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Plantations, especially sugar plantations, created slave societies and a racism persisting well into post-slavery periods: so runs a familiar argument that has been used to explain the sweep of Caribbean history. Here one of the most eminent scholars of modern social theory applies this assertion to a comparative study of most Caribbean islands from the time of the American Revolution to the Spanish American War. Arthur Stinchcombe uses insights from his own much admired Economic Sociology to show why sugar planters needed the help of repressive governments for recruiting disciplined labor. Demonstrating that island-to-island variations on this theme were a function of geography, local political economy, and relation to outside powers, he scrutinizes Caribbean slavery and Caribbean emancipation movements in a world-historical context. Throughout the book, Stinchcombe aims to develop a sociology of freedom that explains a number of complex phenomena, such as how liberty for some individuals may restrict the liberty of others. Thus, the autonomous governments of colonies often produced more oppressive conditions for slaves than did so-called arbitrary governments, which had the power to restrict the whims of the planters. Even after emancipation, freedom was not a clear-cut matter of achieving the ideals of the Enlightenment. Indeed, it was often a route to a social control more efficient than slavery, providing greater flexibility for the planter class and posing less risk of violent rebellion.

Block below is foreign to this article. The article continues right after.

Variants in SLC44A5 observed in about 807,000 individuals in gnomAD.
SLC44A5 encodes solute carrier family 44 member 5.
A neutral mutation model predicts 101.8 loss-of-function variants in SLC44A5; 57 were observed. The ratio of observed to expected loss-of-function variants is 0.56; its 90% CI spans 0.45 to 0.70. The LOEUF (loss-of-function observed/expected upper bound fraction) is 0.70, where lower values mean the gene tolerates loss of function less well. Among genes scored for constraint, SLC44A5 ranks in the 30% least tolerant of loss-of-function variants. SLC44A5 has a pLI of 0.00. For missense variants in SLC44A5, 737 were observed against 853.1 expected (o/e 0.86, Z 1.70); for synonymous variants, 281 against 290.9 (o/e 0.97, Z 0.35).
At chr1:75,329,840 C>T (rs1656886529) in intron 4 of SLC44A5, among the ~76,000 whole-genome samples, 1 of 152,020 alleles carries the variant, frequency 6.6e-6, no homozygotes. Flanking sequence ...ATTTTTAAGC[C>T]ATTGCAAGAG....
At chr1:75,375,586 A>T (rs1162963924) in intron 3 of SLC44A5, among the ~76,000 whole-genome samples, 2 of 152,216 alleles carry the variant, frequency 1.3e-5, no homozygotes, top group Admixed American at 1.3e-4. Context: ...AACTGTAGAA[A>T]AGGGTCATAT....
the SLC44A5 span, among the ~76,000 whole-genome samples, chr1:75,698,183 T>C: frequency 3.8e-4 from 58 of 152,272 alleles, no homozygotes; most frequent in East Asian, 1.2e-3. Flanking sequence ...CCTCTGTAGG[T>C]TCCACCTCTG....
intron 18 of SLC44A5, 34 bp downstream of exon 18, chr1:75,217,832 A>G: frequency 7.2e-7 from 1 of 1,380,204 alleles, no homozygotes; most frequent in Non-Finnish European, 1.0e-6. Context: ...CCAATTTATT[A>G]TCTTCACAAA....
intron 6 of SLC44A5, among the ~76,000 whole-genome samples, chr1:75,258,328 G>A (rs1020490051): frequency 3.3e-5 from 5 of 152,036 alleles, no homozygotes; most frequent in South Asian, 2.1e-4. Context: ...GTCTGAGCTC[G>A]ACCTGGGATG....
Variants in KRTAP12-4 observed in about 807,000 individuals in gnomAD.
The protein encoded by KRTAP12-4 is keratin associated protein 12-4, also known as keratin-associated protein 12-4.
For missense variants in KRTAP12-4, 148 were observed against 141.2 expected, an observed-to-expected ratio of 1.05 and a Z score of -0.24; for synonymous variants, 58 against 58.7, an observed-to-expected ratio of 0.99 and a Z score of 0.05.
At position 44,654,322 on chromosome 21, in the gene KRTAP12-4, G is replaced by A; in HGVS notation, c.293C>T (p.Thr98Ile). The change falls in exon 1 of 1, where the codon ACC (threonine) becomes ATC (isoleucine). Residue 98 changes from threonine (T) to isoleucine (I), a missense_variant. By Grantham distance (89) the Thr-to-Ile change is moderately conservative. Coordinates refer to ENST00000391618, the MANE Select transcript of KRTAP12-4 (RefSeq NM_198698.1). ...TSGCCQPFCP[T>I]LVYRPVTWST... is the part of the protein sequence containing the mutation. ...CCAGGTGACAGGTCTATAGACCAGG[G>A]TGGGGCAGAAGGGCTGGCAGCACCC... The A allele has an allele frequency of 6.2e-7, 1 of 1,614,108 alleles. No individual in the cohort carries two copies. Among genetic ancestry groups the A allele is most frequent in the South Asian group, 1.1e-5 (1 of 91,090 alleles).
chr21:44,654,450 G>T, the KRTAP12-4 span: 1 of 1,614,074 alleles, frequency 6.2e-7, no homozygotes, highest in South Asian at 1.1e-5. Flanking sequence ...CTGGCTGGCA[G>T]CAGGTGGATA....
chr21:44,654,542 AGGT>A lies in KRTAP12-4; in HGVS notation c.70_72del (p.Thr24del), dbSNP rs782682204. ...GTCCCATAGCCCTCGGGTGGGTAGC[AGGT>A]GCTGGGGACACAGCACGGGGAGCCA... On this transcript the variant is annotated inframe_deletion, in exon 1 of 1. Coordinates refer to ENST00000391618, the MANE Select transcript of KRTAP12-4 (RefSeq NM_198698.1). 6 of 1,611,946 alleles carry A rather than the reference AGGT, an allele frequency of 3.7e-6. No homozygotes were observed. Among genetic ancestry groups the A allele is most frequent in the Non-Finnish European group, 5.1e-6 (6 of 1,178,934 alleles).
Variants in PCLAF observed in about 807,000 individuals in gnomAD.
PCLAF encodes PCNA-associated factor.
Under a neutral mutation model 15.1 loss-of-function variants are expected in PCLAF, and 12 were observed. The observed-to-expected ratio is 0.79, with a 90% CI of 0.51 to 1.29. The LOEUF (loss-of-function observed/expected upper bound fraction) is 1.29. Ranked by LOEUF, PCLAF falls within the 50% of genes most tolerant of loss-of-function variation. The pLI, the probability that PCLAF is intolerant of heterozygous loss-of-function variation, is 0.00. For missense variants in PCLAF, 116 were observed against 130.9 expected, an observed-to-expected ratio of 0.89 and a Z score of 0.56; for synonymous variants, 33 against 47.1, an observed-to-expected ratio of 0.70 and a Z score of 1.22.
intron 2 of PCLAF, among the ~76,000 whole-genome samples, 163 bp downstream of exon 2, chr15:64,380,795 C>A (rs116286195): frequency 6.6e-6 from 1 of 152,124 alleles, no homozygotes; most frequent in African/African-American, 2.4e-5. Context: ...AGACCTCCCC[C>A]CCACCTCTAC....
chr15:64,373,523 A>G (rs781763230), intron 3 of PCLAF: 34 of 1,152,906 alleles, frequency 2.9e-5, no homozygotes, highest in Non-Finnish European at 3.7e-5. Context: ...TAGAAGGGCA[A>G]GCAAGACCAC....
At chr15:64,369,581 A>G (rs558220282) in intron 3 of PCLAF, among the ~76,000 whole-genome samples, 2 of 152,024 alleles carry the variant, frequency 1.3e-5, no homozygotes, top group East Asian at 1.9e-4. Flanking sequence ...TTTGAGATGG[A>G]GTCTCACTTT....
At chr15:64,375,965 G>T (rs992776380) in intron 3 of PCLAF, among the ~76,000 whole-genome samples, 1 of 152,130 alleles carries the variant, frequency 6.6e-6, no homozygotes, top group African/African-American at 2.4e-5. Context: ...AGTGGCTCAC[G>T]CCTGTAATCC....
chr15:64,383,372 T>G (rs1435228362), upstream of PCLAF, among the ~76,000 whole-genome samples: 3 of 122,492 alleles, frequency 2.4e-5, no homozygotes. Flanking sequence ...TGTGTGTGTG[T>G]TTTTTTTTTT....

Buena Vista

Author: Guillermo A. Baralt
Publisher: UNC Press Books
ISBN: 9780807848012
Size: 20.65 MB
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This book traces the history of Buena Vista, an estate located in the southern foothills of Puerto Rico's central mountain range. Now a popular living history museum, Buena Vista flourished in the nineteenth century_first as a farm that furnished food for

The Cambridge World History Of Slavery Volume 4 Ad 1804 Ad 2016

Author: David Eltis
Publisher: Cambridge University Press
ISBN: 1108232140
Size: 57.32 MB